29,000 adults have benefited from the Cuban literacy program in Argentina

Cuban literacy program: gateway to knowledge

  Nuria Barbosa León

FROM 202 through now, the Cuban “Yo si puedo” method of literacy teaching has helped open the gateway to knowledge for approximately 6.5 million people. It is currently implemented in 30 nations and involves more than 100 million men and women.

The program consists of 65 lessons which teach illiterate persons to read and write in a period lasting 7 weeks to three months, with the use of audiovisual aids and the help of a facilitator (all of them voluntary), who act as a link between teachers and students.

Approximately 29,000 adults have benefited from the program in Argentina and Granma International visited two of its collaborators: Ramona Nancy Martínez and Violeta Blejman, workers at the Alejandro Posadas National Hospital in Buenos Aires.

Nancy Martínez heard via the media about the literacy campaign undertaken in Venezuela with Cuban help and approached the Cuban embassy in 2003 to ask it to facilitate the teaching materials.

“In less than one week I had in my hands the teaching program, the books, cassettes and even a video recorder,” recounted Nancy, who approached her compañeras in the hospital cleaning department to form the first group.

“We began the classes in the afternoon, in a house in the suburban barrio of Carlos Gardel, a very poor area. The first obstacle to overcome was care for the children of mothers on the course because each one had from seven to nine of them. For that reason we talked to the organizers of an infants’ play park to give us a classroom there and the children were looked after.”

“For the following courses we found a classroom in an elementary school for adults, despite a lot of resistance on the part of teachers there, who thought that we were taking away their students, while we were trying to organize it because when they completed our course that were ready to continue with elementary studies.”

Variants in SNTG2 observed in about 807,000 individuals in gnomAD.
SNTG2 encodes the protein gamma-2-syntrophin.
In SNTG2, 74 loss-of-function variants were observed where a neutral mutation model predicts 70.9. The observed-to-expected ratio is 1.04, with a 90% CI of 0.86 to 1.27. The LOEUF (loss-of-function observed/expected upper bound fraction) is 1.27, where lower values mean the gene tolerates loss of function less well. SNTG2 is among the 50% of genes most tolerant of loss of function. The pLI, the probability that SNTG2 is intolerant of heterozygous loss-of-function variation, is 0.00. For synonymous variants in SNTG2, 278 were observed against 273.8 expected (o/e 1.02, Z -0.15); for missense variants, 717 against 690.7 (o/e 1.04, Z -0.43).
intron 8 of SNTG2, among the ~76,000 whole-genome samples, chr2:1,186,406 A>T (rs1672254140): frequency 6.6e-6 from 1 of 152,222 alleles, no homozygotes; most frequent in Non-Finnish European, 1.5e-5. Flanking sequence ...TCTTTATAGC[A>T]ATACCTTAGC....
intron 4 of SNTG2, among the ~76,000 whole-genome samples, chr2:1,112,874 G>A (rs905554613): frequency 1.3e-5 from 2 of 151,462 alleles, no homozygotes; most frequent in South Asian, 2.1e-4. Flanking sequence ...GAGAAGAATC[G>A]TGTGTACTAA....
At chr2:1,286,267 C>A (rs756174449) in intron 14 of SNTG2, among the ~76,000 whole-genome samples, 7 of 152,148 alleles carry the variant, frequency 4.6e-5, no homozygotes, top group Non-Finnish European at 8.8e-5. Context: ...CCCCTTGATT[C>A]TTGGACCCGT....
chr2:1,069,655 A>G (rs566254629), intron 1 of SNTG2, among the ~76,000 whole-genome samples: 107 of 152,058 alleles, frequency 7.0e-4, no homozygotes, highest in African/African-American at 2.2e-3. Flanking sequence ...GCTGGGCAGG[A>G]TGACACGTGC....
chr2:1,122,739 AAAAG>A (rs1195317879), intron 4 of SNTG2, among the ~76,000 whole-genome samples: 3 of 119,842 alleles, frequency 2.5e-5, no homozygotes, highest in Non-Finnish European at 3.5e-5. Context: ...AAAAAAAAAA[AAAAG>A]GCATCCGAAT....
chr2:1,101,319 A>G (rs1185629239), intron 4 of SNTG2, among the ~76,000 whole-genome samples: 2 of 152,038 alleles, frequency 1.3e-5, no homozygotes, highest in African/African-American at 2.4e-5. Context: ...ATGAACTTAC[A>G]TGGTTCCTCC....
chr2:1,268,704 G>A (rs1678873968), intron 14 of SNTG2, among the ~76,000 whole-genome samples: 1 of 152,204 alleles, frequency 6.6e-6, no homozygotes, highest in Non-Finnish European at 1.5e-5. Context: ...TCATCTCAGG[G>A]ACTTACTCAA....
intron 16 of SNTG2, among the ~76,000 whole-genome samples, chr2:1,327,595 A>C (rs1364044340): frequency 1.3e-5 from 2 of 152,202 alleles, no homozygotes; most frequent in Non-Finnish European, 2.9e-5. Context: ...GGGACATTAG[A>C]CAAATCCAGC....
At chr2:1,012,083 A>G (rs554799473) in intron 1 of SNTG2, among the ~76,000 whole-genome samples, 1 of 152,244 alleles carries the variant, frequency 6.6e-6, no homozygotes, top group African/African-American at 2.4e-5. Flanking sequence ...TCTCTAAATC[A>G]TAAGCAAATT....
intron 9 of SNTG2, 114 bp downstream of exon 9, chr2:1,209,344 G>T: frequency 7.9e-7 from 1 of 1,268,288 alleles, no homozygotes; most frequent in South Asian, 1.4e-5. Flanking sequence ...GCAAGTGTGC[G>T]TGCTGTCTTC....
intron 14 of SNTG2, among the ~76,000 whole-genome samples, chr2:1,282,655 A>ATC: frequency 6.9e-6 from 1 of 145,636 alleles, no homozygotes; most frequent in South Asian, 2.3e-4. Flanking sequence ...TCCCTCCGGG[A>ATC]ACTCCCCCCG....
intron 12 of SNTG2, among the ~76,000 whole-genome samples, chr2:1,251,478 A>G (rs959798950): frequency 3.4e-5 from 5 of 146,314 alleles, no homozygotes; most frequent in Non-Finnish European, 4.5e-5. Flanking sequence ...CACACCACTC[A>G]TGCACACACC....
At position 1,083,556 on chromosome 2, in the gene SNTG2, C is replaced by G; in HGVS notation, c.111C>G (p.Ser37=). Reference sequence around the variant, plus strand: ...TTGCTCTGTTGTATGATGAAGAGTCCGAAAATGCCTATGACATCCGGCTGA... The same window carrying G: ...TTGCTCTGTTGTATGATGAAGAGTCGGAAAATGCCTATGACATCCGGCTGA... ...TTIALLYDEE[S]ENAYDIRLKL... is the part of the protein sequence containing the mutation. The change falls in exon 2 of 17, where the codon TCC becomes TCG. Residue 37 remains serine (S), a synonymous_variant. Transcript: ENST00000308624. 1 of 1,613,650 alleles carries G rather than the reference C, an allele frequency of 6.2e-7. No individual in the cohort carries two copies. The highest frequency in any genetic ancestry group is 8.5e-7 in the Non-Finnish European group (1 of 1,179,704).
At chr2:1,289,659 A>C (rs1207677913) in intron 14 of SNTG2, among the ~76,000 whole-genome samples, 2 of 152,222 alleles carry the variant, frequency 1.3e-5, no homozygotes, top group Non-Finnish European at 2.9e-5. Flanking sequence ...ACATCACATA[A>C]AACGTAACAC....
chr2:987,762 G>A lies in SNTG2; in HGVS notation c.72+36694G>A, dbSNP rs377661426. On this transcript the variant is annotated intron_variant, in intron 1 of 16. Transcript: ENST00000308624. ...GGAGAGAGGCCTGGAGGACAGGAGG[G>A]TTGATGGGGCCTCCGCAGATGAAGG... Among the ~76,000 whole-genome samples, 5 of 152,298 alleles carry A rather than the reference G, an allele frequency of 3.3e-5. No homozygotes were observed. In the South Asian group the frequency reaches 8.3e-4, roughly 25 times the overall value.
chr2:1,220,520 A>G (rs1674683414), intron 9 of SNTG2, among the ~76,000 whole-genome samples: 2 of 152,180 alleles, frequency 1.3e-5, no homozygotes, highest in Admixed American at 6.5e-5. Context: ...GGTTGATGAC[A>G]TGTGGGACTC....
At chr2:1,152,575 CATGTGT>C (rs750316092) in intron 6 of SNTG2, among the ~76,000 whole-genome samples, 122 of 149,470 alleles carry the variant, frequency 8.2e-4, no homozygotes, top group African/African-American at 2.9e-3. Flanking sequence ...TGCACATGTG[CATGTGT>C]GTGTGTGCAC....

Upon seeing our selfless and voluntary work in implementing the “Yo si puedo” program, they were more understanding and appreciated the generosity of the Cuban method. They ended up congratulating us with diplomas and awards.”

Violeta Blejman worked as a facilitator in 2008. She was an 18-year-old student of Social Psychology at the University of the Madres de Plaza de Mayo, and observed that these experiences in adult literacy shaped her life.

She recalled an elderly woman of more than 70 years of age called Herminia, who made a tremendous effort to learn. Someone had taught her to sign her name and she discovered during the course that she had written it with other letters. She was extremely contented to be able to read and write in less than three months.

“Illiterate adults feel very ashamed of their condition,” commented Violeta, “they do not find it easy to sit down in a classroom because they feel inferior to the rest, hence the classes turned into conversations and exchanges about personal and family matters, as a collective way of finding solutions to problems. The theme of a society like the Cuban one was explained and discussed.”

She also commented that the overwhelming majority of illiterates have histories of a childhood damaged by days of exhausting work, which prevents them from attending school. They learn to handle themselves in life through colors and figures, and thus relate to numbers while not knowing their significance.

“The “Yo si puedo” program has the advantage of beginning with the relationship between numbers and words, I felt that they were afraid of discovering that they were learning,” noted Nancy Martínez, who added, “I will give you the example of a compañera who, when she found herself reading a word, ‘wing’, affirmed, ‘They can’t trick me anymore, I now know how to read.’”


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